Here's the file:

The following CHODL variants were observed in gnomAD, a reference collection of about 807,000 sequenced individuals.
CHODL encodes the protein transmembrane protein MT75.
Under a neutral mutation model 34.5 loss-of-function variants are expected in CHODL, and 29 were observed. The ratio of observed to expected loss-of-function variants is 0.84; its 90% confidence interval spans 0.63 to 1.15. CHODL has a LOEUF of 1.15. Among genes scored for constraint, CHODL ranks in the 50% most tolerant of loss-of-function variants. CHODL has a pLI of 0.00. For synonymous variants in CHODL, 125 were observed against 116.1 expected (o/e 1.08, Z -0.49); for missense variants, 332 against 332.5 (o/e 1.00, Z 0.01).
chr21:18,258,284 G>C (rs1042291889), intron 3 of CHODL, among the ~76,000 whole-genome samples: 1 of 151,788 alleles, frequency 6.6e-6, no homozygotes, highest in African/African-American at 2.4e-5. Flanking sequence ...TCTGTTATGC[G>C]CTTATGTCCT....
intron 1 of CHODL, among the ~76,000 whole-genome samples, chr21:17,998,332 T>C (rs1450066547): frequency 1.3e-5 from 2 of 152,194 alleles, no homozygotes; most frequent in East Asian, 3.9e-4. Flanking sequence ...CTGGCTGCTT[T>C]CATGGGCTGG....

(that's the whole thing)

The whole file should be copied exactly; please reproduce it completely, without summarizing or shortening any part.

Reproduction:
The following CHODL variants were observed in gnomAD, a reference collection of about 807,000 sequenced individuals.
CHODL encodes the protein transmembrane protein MT75.
Under a neutral mutation model 34.5 loss-of-function variants are expected in CHODL, and 29 were observed. The ratio of observed to expected loss-of-function variants is 0.84; its 90% confidence interval spans 0.63 to 1.15. CHODL has a LOEUF of 1.15. Among genes scored for constraint, CHODL ranks in the 50% most tolerant of loss-of-function variants. CHODL has a pLI of 0.00. For synonymous variants in CHODL, 125 were observed against 116.1 expected (o/e 1.08, Z -0.49); for missense variants, 332 against 332.5 (o/e 1.00, Z 0.01).
chr21:18,258,284 G>C (rs1042291889), intron 3 of CHODL, among the ~76,000 whole-genome samples: 1 of 151,788 alleles, frequency 6.6e-6, no homozygotes, highest in African/African-American at 2.4e-5. Flanking sequence ...TCTGTTATGC[G>C]CTTATGTCCT....
intron 1 of CHODL, among the ~76,000 whole-genome samples, chr21:17,998,332 T>C (rs1450066547): frequency 1.3e-5 from 2 of 152,194 alleles, no homozygotes; most frequent in East Asian, 3.9e-4. Flanking sequence ...CTGGCTGCTT[T>C]CATGGGCTGG....